Countries, Deals, Europe, Flying, Ireland

Ryanwhere is Scotland?

Ryanwhere is Scotland? A question asked by one of its staff to a Polish family returning to Scotland from Portugal.

It was all to do with different Covid regulations applying to Scotland and England.

And fair’s fair because it’s complicated too for those of us who share this island of Britain.

It is of course an occupational hazard of being one of Jock Tamson’s Bairns (that’s being a Scot).

And on my first visit to America nearly 40 years ago the young people I’d meet would ask me if Scotland was in England.

The capital of North Dakota

Sign of the times: Ryanair staff

It irked me then until my American History tutor I learned under when I got back and studied in Aberdeen asked me what the capital of North Dakota was?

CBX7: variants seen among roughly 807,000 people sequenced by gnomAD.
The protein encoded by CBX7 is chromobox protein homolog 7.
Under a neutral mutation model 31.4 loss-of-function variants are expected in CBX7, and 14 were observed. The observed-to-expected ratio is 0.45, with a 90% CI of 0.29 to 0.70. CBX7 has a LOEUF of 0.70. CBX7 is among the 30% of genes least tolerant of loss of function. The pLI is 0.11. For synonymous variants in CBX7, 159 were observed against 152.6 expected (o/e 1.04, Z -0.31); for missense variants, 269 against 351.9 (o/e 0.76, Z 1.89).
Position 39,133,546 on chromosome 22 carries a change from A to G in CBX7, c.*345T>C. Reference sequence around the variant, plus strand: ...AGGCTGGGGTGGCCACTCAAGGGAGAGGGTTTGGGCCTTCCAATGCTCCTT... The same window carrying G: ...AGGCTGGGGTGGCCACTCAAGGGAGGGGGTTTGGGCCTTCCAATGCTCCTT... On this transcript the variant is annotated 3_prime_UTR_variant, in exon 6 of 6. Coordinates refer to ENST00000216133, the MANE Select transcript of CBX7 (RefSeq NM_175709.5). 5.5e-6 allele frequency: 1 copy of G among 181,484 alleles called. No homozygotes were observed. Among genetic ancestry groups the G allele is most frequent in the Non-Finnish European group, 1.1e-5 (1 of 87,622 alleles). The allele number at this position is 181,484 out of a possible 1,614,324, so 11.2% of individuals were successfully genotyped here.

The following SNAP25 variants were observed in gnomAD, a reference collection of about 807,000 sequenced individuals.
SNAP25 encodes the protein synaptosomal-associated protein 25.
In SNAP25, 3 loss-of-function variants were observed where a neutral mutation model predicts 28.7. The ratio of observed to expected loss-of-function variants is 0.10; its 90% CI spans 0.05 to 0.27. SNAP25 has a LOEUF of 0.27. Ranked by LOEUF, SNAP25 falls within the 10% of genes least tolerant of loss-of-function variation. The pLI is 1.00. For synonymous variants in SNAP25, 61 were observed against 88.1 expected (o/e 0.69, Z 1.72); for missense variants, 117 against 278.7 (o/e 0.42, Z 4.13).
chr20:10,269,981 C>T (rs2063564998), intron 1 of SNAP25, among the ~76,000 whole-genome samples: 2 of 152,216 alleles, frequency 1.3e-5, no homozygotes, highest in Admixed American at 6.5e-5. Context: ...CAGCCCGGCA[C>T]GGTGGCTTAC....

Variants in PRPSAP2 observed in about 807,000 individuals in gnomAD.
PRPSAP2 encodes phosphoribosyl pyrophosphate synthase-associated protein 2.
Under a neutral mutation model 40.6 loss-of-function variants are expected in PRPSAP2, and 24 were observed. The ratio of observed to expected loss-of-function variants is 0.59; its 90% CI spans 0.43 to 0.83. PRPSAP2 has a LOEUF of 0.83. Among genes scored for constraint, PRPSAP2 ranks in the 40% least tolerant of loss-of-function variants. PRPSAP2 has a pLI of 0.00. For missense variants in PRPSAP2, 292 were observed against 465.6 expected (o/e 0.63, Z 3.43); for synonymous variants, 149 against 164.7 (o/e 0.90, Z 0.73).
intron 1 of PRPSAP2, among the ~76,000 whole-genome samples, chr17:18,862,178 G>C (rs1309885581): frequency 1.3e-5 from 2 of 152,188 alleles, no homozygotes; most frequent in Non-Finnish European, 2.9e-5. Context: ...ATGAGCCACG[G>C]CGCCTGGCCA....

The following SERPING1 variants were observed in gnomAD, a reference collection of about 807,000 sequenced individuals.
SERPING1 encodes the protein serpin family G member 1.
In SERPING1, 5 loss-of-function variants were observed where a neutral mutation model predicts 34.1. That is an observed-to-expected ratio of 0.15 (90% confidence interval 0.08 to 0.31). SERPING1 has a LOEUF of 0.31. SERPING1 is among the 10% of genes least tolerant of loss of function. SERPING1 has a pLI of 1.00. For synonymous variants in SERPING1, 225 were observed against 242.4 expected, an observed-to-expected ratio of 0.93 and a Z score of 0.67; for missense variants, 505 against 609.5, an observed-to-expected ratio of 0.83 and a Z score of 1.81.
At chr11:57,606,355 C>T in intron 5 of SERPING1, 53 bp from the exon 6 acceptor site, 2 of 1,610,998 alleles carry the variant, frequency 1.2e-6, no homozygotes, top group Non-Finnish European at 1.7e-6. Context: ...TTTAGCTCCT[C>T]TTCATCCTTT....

And like all lessons in life it’s stuck: Bismarck.

All of which ramblings brings us to Ryanair‘s flash sale which ends tomorrow, midnight, Sunday, January 30.

Michael O’Leary’s empire, of course, is built on a model of flying to out-of-the-way destinations to cut down on prices for the punters.

And so Scots (and non-Scots) have had to become educated in towns we’d never heard of before.

Some of them are also in the same country as the destination we want to visit.

Some out-of-the-way places

Suits you sir: Legoland

For our Ryanair pal Edinburgh is the capital of Scotland, which is the northern country of the island of Britain.

And it, and Scotland’s largest city Glasgow, is €9.99, from my old stomping ground of Dublin (Ireland that is, not Ohio).